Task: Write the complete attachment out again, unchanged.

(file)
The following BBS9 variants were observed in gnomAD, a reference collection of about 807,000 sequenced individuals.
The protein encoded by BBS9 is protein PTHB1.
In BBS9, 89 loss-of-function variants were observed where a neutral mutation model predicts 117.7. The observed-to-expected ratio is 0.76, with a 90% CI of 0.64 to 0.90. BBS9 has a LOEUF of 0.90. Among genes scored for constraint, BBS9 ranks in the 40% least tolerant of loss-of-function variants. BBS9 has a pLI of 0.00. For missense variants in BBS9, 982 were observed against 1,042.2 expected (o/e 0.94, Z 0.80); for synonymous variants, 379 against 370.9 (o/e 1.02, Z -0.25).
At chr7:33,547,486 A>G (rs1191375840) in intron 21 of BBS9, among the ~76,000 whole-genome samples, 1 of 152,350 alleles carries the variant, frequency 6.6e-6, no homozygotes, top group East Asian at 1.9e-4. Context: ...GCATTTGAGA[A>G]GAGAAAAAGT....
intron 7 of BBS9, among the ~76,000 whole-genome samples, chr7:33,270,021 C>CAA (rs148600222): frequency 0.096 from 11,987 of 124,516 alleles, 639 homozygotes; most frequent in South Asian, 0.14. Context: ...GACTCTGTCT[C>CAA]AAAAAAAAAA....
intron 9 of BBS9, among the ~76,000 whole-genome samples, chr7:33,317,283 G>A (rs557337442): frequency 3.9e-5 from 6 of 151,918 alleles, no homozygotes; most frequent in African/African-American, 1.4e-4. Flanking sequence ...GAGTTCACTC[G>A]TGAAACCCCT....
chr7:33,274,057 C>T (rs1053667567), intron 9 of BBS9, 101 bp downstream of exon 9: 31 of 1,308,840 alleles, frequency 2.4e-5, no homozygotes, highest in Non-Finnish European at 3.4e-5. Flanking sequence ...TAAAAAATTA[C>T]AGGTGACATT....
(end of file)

The following BBS9 variants were observed in gnomAD, a reference collection of about 807,000 sequenced individuals.
The protein encoded by BBS9 is protein PTHB1.
In BBS9, 89 loss-of-function variants were observed where a neutral mutation model predicts 117.7. The observed-to-expected ratio is 0.76, with a 90% CI of 0.64 to 0.90. BBS9 has a LOEUF of 0.90. Among genes scored for constraint, BBS9 ranks in the 40% least tolerant of loss-of-function variants. BBS9 has a pLI of 0.00. For missense variants in BBS9, 982 were observed against 1,042.2 expected (o/e 0.94, Z 0.80); for synonymous variants, 379 against 370.9 (o/e 1.02, Z -0.25).
At chr7:33,547,486 A>G (rs1191375840) in intron 21 of BBS9, among the ~76,000 whole-genome samples, 1 of 152,350 alleles carries the variant, frequency 6.6e-6, no homozygotes, top group East Asian at 1.9e-4. Context: ...GCATTTGAGA[A>G]GAGAAAAAGT....
intron 7 of BBS9, among the ~76,000 whole-genome samples, chr7:33,270,021 C>CAA (rs148600222): frequency 0.096 from 11,987 of 124,516 alleles, 639 homozygotes; most frequent in South Asian, 0.14. Context: ...GACTCTGTCT[C>CAA]AAAAAAAAAA....
intron 9 of BBS9, among the ~76,000 whole-genome samples, chr7:33,317,283 G>A (rs557337442): frequency 3.9e-5 from 6 of 151,918 alleles, no homozygotes; most frequent in African/African-American, 1.4e-4. Flanking sequence ...GAGTTCACTC[G>A]TGAAACCCCT....
chr7:33,274,057 C>T (rs1053667567), intron 9 of BBS9, 101 bp downstream of exon 9: 31 of 1,308,840 alleles, frequency 2.4e-5, no homozygotes, highest in Non-Finnish European at 3.4e-5. Flanking sequence ...TAAAAAATTA[C>T]AGGTGACATT....